“As governor, I'll work to make sure every student can get to school safely, no matter where they are. This will help drive up test scores and help our kids get ahead,” Whitmer wrote in an email to Bridge and Chalkbeat.

Long-term, Whitmer also proposed reforms to the state’s formula for funding schools.

Now, schools get state funding based on a 1994 law called Proposal A that is based how much districts spent on students when the law was created.

Schools in different areas get different amounts of per-pupil funding, with schools in more affluent areas receiving more state funding than schools in poor areas.

Whitmer said schools should get more money if they educate children with more needs.

“Providing adequate funding for schools - finally - will mean both kids and teachers have the resources required to improve academic outcomes in every school, but especially those with high percentages of at-risk and other factors that require more intensive educational services,” Whitmer said.

Any changes in that funding formula likely would require a statewide referendum. Proposals over the years to change Proposal A have been dead on arrival in Lansing.

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Thu, 10/04/2018 - 8:51am

I don't think bus transportation is the main problem with low scores for students who switch schools frequently in Detroit. It seems like politicians are grasping at straws to find some kind of way they think will help the situation.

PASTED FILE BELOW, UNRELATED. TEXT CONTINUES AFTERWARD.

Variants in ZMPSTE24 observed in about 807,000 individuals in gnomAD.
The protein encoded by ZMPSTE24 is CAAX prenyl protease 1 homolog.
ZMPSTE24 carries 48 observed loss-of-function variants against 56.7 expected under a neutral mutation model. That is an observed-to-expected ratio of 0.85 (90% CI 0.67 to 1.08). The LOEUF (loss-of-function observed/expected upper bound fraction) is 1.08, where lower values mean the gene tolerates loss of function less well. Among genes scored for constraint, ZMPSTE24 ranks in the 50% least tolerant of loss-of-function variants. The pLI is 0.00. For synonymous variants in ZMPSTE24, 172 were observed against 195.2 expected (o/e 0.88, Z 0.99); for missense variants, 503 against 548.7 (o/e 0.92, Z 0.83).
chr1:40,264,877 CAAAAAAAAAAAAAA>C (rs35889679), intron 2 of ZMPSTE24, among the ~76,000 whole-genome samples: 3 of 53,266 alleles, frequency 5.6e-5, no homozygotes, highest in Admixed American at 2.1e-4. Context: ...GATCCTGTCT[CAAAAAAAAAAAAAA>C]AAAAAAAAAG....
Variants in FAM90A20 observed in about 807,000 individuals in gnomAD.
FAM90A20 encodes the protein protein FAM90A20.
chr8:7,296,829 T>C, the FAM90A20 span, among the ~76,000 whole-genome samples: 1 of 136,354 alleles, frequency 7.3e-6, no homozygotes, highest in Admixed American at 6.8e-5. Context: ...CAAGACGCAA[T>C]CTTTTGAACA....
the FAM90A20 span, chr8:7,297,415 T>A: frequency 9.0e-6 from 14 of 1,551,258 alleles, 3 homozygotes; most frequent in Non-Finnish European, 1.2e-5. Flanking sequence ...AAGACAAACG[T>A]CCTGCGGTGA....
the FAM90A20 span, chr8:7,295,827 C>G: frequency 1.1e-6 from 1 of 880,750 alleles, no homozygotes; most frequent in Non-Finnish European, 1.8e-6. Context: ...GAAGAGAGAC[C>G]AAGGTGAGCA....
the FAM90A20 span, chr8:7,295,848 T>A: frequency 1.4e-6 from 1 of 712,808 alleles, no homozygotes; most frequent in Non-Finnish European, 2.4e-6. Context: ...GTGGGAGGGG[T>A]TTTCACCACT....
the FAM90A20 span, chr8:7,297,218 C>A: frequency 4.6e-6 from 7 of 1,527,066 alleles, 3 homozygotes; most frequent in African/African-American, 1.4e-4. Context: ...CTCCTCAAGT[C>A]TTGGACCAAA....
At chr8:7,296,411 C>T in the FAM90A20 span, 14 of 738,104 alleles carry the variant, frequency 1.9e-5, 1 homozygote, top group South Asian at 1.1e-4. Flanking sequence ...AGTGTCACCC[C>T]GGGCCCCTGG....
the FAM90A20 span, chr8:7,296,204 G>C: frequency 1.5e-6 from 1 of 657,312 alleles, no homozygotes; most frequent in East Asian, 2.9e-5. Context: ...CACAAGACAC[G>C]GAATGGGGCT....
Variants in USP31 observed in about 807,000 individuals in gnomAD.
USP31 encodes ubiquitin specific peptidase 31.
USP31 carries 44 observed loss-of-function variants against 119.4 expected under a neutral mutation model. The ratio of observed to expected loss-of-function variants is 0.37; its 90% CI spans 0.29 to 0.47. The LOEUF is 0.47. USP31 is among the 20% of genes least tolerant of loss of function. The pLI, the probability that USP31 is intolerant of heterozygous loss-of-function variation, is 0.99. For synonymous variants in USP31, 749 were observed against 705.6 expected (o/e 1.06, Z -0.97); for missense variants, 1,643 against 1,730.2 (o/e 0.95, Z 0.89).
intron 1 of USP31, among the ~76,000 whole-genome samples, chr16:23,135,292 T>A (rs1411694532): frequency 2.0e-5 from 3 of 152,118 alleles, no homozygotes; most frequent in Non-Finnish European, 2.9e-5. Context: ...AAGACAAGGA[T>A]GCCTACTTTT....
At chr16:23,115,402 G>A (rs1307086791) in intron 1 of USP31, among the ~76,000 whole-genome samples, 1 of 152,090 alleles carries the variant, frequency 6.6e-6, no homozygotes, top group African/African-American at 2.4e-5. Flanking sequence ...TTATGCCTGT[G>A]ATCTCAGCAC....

Mike S
Thu, 10/04/2018 - 9:49am

Is this a chicken and egg analysis? Which is the cause...which is the result? Are students/parents less committed to education so they switch schools more often....or is the switching causing them to be behind academically? 60% of the students who switched schools did not change addresses, just schools. I think studies like this start with a presumption, then draw their conclusions based upon that. If the presumption or bias is wrong, the research will likely come to a wrong cause and effect conclusion.

Ben W. Washburn
Thu, 10/04/2018 - 12:55pm

Neither candidate is truly on point, although Whitmer's proposal would be more important to rural school districts than urban ones. Rural districts usually have more stable populations and closer ties between parents and teachers, and bus transportation necessarily consumes a large percentage of their operating costs, at the expense of classroom expenditures. Proposal A in general brought rural systems much closer to the mid-level of support, but they are still in the bottom rungs of support.

In urban systems, any improvement in school access is more than offset by higher rates of school pupil turnover. Education is not just another consumer product, as free-market charter school proponents would have us believe. Effective education requires a long and lasting bonding between a group of parents, teachers and students. And improved bussing more than undercuts that essential need.

In my mind, as a somewhat trained sociologist, charter schools could have been a big part of the answer, but only if that had been specifically designed to bring about those kinds of lasting and caring relationships. But, they have instead totally ignored that possibility, by placing the emphasis upon the dollars to be earned from privatization. And state laws have never been finessed to enable that kind of charter.